California by Edan Lepucki is an apocalyptic fantasy posing interesting questions of home within a mesmerizing dystopian setting. California book jacketCal and Frida have left the world they've known in a crumbling Los Angeles to make a new life together in the wilderness. They disrupt their tenuous homesteading to seek out a nearby community when Frida discovers she is pregnant. Their marriage is tested by what they find. Is trust directly proportional to home? Or is trust a constant in the equation? While I found myself desiring more complex characterization, the setting continues to haunt. 
 
Is home the beginning? Or the end?

Adult Nonfiction

The History of Rock 'n' Roll in Ten Songs

by Greil Marcus

An entertaining and rewarding look at music history by one of the major musicologists of today.

Liar, Temptress, Soldier, Spy: Four Women Undercover in the Civil War

by Karen Abbott

A remarkable story about bold and cunning women told with passion.  Has book club potential.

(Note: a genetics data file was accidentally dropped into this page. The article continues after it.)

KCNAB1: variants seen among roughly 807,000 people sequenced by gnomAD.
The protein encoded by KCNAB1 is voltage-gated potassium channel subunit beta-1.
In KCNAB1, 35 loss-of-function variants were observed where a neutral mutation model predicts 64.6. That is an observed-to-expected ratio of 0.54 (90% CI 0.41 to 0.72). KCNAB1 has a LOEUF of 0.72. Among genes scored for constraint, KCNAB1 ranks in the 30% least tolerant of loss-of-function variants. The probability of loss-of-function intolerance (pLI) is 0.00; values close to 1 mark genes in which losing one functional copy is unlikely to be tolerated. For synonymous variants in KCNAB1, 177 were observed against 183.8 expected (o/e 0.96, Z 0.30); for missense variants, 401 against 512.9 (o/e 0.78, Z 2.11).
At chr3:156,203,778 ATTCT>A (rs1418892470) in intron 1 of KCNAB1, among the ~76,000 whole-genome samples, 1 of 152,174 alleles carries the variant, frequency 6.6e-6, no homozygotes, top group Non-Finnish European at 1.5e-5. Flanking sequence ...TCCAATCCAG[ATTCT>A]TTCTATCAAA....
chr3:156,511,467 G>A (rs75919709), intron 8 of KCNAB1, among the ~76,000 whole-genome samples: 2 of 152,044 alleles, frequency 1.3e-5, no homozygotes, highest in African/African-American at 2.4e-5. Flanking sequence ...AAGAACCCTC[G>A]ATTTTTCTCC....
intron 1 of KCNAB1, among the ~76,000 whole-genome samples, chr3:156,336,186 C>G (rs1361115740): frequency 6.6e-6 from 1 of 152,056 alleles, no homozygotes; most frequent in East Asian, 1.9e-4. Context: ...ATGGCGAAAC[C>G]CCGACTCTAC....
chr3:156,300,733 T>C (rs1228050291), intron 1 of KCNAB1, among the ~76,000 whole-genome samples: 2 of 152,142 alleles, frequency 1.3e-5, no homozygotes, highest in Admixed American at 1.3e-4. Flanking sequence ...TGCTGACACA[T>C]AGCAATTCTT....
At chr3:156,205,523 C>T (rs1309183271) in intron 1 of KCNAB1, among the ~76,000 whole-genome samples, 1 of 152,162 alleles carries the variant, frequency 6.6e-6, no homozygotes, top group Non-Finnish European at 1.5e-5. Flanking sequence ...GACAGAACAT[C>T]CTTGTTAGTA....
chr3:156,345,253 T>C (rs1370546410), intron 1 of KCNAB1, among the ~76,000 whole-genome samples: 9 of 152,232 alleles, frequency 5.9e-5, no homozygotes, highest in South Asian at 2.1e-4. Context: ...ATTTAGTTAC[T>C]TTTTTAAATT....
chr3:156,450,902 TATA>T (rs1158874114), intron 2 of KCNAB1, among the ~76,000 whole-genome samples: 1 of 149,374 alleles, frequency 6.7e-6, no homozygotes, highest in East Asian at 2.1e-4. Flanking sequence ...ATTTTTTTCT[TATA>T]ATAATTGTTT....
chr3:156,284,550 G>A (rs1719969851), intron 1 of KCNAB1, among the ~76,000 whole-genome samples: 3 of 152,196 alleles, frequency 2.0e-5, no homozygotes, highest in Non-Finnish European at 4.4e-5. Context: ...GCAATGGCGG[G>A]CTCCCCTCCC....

Adult Fiction

10:04: A novel

by Ben Lerner

Beautifully written novel which weaves contemporary life, art and writing in a New York City setting.

The Miniaturist

by Jessie Burton

A debut novel which takes place in a rich historical setting about love, betrayal and retribution. Book club potential.

The Marco Effect: a Department Q novel

by Jussi Adler-Olsen

From Denmark's top crime writer, another sinister and engrossing tale taking place in the underbelly of Copenhagen.

Teen Fiction

Clariel: the Lost Abhorsen

by Garth Nix

Another tale in the Abhorsen series with compelling characters and strong magic. Sure to be a hit with fantasy readers.

Kid's Fiction

Telephone

by Mac Barnett

A witty and engaging picture book about birds on a telephone wire attempting to relay a single message with the usual mixed-up results.